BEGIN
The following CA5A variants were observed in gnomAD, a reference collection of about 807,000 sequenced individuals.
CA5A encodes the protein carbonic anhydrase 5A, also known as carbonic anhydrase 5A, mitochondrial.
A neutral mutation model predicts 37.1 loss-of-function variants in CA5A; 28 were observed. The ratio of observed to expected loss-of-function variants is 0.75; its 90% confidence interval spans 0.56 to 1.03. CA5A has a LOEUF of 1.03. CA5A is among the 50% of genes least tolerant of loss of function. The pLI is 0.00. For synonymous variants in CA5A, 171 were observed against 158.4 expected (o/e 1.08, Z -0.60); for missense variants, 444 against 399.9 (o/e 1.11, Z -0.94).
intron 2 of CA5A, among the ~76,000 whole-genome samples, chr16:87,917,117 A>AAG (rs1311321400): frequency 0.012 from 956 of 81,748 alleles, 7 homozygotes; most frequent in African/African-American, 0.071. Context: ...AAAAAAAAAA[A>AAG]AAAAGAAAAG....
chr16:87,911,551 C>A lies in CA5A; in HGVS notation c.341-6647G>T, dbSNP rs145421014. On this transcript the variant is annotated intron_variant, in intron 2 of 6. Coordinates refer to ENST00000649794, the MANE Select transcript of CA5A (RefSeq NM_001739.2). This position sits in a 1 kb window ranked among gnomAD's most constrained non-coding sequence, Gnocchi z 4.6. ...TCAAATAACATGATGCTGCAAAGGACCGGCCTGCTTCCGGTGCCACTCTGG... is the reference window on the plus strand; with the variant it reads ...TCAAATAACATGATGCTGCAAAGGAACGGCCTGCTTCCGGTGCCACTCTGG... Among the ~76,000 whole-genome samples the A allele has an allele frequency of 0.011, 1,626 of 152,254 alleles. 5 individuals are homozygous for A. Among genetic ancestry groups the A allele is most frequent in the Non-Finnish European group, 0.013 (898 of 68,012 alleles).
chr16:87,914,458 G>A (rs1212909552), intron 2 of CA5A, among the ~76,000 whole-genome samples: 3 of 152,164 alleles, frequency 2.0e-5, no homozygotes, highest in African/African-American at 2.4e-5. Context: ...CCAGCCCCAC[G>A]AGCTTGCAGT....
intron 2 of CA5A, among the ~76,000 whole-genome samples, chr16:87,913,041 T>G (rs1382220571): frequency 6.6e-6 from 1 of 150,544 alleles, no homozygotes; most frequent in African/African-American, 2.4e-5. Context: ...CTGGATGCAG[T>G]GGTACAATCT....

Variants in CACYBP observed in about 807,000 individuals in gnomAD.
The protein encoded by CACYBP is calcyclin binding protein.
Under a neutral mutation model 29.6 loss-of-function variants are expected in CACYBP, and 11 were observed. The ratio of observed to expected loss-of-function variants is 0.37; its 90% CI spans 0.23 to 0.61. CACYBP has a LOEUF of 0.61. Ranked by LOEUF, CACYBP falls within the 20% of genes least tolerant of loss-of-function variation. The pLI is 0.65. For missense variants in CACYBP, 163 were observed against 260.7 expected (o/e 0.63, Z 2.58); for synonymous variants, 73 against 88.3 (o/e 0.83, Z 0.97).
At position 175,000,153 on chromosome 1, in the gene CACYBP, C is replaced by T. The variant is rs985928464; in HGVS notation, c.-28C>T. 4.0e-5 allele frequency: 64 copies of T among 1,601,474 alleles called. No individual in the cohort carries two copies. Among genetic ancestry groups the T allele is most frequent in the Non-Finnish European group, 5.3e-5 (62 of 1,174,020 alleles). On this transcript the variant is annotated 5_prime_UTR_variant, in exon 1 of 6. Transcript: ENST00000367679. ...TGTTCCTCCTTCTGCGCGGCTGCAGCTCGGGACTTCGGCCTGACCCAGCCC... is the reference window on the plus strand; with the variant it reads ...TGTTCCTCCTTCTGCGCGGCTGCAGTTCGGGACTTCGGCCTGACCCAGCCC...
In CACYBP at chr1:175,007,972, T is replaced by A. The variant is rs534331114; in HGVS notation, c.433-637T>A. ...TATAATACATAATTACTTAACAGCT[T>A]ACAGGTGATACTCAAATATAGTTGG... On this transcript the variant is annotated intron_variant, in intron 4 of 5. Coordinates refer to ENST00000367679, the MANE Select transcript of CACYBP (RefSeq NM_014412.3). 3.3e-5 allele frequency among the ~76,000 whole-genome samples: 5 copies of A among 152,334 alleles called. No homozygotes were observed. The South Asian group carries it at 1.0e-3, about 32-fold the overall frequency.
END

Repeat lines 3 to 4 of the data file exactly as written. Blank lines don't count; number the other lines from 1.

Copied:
A neutral mutation model predicts 37.1 loss-of-function variants in CA5A; 28 were observed. The ratio of observed to expected loss-of-function variants is 0.75; its 90% confidence interval spans 0.56 to 1.03. CA5A has a LOEUF of 1.03. CA5A is among the 50% of genes least tolerant of loss of function. The pLI is 0.00. For synonymous variants in CA5A, 171 were observed against 158.4 expected (o/e 1.08, Z -0.60); for missense variants, 444 against 399.9 (o/e 1.11, Z -0.94).
intron 2 of CA5A, among the ~76,000 whole-genome samples, chr16:87,917,117 A>AAG (rs1311321400): frequency 0.012 from 956 of 81,748 alleles, 7 homozygotes; most frequent in African/African-American, 0.071. Context: ...AAAAAAAAAA[A>AAG]AAAAGAAAAG....